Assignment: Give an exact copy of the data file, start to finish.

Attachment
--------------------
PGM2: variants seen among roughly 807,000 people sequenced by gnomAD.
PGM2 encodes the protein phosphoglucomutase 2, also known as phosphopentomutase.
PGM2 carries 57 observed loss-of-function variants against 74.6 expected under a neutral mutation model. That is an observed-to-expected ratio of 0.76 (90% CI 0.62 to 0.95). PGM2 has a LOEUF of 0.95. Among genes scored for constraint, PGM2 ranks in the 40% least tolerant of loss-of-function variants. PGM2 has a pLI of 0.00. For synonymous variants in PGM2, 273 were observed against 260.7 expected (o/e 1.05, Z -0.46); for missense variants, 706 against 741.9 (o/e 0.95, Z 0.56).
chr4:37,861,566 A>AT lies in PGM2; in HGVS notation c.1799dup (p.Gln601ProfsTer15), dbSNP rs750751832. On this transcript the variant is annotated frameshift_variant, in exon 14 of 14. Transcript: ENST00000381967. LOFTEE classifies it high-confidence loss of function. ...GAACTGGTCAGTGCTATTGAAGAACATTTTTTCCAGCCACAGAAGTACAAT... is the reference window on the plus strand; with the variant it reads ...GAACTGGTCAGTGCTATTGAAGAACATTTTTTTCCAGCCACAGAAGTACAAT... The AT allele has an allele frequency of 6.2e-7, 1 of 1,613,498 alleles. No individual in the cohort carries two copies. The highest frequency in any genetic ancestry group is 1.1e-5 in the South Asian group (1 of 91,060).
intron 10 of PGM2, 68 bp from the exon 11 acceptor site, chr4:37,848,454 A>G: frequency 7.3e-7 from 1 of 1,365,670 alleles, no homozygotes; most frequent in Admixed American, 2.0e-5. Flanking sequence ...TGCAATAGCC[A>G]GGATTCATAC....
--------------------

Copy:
PGM2: variants seen among roughly 807,000 people sequenced by gnomAD.
PGM2 encodes the protein phosphoglucomutase 2, also known as phosphopentomutase.
PGM2 carries 57 observed loss-of-function variants against 74.6 expected under a neutral mutation model. That is an observed-to-expected ratio of 0.76 (90% CI 0.62 to 0.95). PGM2 has a LOEUF of 0.95. Among genes scored for constraint, PGM2 ranks in the 40% least tolerant of loss-of-function variants. PGM2 has a pLI of 0.00. For synonymous variants in PGM2, 273 were observed against 260.7 expected (o/e 1.05, Z -0.46); for missense variants, 706 against 741.9 (o/e 0.95, Z 0.56).
chr4:37,861,566 A>AT lies in PGM2; in HGVS notation c.1799dup (p.Gln601ProfsTer15), dbSNP rs750751832. On this transcript the variant is annotated frameshift_variant, in exon 14 of 14. Transcript: ENST00000381967. LOFTEE classifies it high-confidence loss of function. ...GAACTGGTCAGTGCTATTGAAGAACATTTTTTCCAGCCACAGAAGTACAAT... is the reference window on the plus strand; with the variant it reads ...GAACTGGTCAGTGCTATTGAAGAACATTTTTTTCCAGCCACAGAAGTACAAT... The AT allele has an allele frequency of 6.2e-7, 1 of 1,613,498 alleles. No individual in the cohort carries two copies. The highest frequency in any genetic ancestry group is 1.1e-5 in the South Asian group (1 of 91,060).
intron 10 of PGM2, 68 bp from the exon 11 acceptor site, chr4:37,848,454 A>G: frequency 7.3e-7 from 1 of 1,365,670 alleles, no homozygotes; most frequent in Admixed American, 2.0e-5. Flanking sequence ...TGCAATAGCC[A>G]GGATTCATAC....